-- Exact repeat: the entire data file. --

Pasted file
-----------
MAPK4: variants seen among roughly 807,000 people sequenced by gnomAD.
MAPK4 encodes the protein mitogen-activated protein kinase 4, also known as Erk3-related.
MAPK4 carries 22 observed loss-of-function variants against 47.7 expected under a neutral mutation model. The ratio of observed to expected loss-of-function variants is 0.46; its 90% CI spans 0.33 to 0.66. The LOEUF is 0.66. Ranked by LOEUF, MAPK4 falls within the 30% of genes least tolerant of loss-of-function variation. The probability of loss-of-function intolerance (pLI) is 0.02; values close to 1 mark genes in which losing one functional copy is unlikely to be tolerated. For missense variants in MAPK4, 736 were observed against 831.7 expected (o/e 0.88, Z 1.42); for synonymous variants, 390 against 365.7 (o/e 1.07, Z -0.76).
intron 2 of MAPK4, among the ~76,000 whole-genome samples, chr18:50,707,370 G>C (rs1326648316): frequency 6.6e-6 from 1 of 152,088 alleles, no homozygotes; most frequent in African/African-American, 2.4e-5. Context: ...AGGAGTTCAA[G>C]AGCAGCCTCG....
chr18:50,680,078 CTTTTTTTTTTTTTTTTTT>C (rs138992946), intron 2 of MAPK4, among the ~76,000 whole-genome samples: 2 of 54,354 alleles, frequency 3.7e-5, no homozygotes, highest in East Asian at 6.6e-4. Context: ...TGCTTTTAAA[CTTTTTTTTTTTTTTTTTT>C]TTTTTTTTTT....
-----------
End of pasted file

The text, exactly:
MAPK4: variants seen among roughly 807,000 people sequenced by gnomAD.
MAPK4 encodes the protein mitogen-activated protein kinase 4, also known as Erk3-related.
MAPK4 carries 22 observed loss-of-function variants against 47.7 expected under a neutral mutation model. The ratio of observed to expected loss-of-function variants is 0.46; its 90% CI spans 0.33 to 0.66. The LOEUF is 0.66. Ranked by LOEUF, MAPK4 falls within the 30% of genes least tolerant of loss-of-function variation. The probability of loss-of-function intolerance (pLI) is 0.02; values close to 1 mark genes in which losing one functional copy is unlikely to be tolerated. For missense variants in MAPK4, 736 were observed against 831.7 expected (o/e 0.88, Z 1.42); for synonymous variants, 390 against 365.7 (o/e 1.07, Z -0.76).
intron 2 of MAPK4, among the ~76,000 whole-genome samples, chr18:50,707,370 G>C (rs1326648316): frequency 6.6e-6 from 1 of 152,088 alleles, no homozygotes; most frequent in African/African-American, 2.4e-5. Context: ...AGGAGTTCAA[G>C]AGCAGCCTCG....
chr18:50,680,078 CTTTTTTTTTTTTTTTTTT>C (rs138992946), intron 2 of MAPK4, among the ~76,000 whole-genome samples: 2 of 54,354 alleles, frequency 3.7e-5, no homozygotes, highest in East Asian at 6.6e-4. Context: ...TGCTTTTAAA[CTTTTTTTTTTTTTTTTTT>C]TTTTTTTTTT....